Mexican President Enrique Peña Nieto announced on July 15, 2013, that Mexico will invest US$315 billion during the period 2013-2018 to upgrade Mexico’s infrastructure by modernizing roads and highways, building rail lines, building and expanding the country’s seaports and airports, providing universal access to telecommunications and boosting the energy sector. The plan is expected to include close to 500 projects across the country. President Peña Nieto stated, however, that the flow of investments, and possible further spending increases, will depend on the approval of fiscal reform that his administration will propose to Mexico’s Congress in September.
The plan is part of an effort to improve Mexico’s competitiveness and productivity. Mexico’s stated long-term goal is to be ranked in the top 20 percent of the World Economic Forum’s Infrastructure Competitiveness Index by 2030 (Mexico currently ranks 68th out of 144 countries surveyed). The $315 billion plan represents a significantly larger investment than the six-year plans submitted by previous presidential administrations. By comparison, Mexico’s last six-year plan involved about $200 billion in infrastructure spending. Annual investment through the current plan is expected to equal approximately five percent of Mexico’s gross domestic product.
While the administration has yet to provide specific details about the general infrastructure plan, the Transport and Communications Infrastructure Investment Program 2013-2018, which is part of the infrastructure plan, includes the following five action items designed to modernize roads, railroads, ports, airports and telecommunications:
- Telecommunications: The aim is to achieve universal access by expanding network coverage, fostering competition and ensuring that the recent constitutional reform of the telecommunications industry is implemented in a timely, effective manner.
- Road and Highway Infrastructure: The goal is to have a safe, complete and integrated road system in good condition that can serve as the backbone of the Mexican economy, linking the country’s various regions and bringing remote communities closer together.
- Railroads: The aim is to restore passenger rail transport and encourage greater use of freight trains. The plan aims to reduce travel costs and times through the construction of bypasses and urban infrastructure, which will help improve the speed of transportation by rail.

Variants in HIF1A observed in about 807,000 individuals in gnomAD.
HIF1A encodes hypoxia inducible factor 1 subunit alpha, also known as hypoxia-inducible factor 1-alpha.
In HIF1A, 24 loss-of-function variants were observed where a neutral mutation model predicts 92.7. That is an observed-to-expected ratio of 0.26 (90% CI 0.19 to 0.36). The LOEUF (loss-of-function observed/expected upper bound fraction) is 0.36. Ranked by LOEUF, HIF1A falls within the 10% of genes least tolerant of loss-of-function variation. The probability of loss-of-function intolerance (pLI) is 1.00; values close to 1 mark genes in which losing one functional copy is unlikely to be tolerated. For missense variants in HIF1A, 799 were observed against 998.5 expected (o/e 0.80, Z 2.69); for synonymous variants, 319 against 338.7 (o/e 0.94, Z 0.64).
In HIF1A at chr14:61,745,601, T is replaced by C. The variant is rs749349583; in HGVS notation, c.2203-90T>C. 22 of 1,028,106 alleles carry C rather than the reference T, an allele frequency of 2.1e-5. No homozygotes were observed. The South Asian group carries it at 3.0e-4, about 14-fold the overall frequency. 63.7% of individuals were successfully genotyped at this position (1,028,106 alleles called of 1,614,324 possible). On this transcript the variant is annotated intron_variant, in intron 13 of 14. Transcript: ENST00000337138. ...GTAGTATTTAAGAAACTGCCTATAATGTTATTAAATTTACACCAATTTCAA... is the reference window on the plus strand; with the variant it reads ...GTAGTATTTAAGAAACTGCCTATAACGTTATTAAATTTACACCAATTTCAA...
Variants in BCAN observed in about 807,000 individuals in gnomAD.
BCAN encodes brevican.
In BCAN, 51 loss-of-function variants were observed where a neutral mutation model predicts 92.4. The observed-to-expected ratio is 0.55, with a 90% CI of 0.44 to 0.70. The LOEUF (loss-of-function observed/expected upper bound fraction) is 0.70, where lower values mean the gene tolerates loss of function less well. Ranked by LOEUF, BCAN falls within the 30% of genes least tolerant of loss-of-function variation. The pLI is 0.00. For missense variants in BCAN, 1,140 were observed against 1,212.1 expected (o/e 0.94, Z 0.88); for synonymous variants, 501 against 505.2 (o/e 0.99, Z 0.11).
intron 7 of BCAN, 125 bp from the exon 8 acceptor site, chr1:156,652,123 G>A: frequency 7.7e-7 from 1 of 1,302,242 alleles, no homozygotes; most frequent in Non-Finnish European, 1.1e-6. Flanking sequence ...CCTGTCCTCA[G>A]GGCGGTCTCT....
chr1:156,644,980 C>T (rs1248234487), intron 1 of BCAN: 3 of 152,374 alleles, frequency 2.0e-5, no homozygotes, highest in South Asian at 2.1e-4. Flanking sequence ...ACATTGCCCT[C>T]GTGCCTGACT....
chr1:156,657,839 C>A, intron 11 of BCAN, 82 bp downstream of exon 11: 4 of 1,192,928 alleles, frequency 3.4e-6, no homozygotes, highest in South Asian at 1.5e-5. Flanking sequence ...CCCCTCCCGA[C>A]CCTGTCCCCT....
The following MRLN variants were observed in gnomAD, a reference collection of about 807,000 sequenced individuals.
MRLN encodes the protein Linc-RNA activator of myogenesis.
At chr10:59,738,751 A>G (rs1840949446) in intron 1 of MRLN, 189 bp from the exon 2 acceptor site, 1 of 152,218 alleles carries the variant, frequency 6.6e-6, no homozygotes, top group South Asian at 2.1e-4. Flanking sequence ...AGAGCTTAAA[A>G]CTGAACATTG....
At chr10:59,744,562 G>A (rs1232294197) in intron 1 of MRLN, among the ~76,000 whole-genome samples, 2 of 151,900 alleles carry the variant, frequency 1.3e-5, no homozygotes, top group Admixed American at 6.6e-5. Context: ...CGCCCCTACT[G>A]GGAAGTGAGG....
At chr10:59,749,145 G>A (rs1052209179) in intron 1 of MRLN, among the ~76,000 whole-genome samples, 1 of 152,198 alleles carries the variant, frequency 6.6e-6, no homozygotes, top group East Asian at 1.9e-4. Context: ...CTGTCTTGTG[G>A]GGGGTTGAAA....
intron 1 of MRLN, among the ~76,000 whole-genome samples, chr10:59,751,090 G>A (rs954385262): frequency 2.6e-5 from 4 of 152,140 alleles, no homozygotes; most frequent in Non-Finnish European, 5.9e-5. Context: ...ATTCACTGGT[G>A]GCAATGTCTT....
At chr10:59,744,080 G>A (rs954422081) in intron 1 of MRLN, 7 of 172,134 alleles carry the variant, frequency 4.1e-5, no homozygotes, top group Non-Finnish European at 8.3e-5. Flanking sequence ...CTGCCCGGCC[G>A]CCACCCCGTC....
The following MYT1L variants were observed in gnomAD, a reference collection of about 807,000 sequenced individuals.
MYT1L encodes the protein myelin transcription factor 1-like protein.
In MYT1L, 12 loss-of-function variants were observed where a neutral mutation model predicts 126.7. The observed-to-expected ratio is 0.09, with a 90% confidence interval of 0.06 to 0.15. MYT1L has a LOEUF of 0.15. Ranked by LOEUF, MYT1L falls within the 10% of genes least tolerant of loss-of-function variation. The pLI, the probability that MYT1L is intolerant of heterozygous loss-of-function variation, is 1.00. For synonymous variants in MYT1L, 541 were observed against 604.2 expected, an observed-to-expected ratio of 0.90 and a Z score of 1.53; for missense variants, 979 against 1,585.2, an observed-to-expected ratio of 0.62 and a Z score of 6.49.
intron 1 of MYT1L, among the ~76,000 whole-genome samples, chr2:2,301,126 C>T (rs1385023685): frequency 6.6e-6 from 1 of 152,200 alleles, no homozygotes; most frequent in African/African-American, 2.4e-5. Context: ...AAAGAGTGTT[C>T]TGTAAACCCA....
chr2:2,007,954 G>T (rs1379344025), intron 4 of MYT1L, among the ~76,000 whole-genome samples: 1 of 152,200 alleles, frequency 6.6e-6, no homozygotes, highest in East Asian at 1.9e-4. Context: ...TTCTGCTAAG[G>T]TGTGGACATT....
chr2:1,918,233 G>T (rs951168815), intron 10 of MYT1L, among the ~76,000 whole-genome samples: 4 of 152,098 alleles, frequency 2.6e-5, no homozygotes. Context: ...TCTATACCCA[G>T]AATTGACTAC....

- Ports: The goal is to have four world-class ports and increase the capacity of the port system as a whole to support the country’s various economic sectors, as well as to encourage the growth of a merchant fleet.
- Airports: The goal is to achieve better service, lower costs and higher frequency in air transportation, relieve the congestion of Mexico City International Airport and promote regional interconnections.
The government also has yet to announce the details of the infrastructure plan particularly as it relates to energy. Mexico’s energy infrastructure is in need of significant investment, and its refining industry and pipeline network are particularly in need of upgrade and expansion. Despite being one of the largest producers of crude oil in the world, Mexico is a net importer of refined petroleum products. Mexico only has six operating refineries, all operated by Pemex, the state-owned petroleum company. The country’s consumption of refined petroleum products has risen significantly over the past decade, and Mexico’s refining capacity has not kept up with domestic demand. In 2012, Mexico’s total refining capacity was 1.54 million barrels per day despite domestic demand of 2.158 million barrels per day. This has caused Mexico to rely heavily on the importation of refined petroleum products, principally from the United States.
Furthermore, because Mexico’s natural gas production is limited, Mexico relies heavily on natural gas imports by pipeline from the United States and liquefied natural gas (LNG) imports from other countries. Even with those imports, industrial demand for natural gas is not being met. Mexico will need to expand the reach and capacity of its gas pipeline network in order to meet demand. In the long-term, however, Mexico needs to develop its own natural gas resources, especially its abundant shale gas resources, which, according to a recent US Energy Information Administration report, are the sixth largest in the world.1
President Peña Nieto recently announced plans to send a “transformational” reform bill to Mexico’s Congress that has the potential to revolutionize the Mexican energy industry and is expected to ease restrictions on private investment in Mexico’s upstream, midstream and downstream sectors. While transforming the energy sector has been talked about for years, three leading Mexican political parties have now expressed support for meaningful reform, making major change in the petroleum regime a real possibility. Mayer Brown’s team is keeping a close watch on these developments and will send updates as events develop.
In summary, President Peña Nieto’s infrastructure plan calls for an ambitious investment agenda that has the potential to generate high-value and long-term opportunities for private investors in Mexico.
1 US Energy Info. Admin., Technically Recoverable Shale Oil and Shale Gas Resources: An Assessment of 137 Shale Formations in 41 Countries Outside the United States (June 2013), available at http://www.eia.gov/analysis/studies/worldshalegas/pdf/fullreport.pdf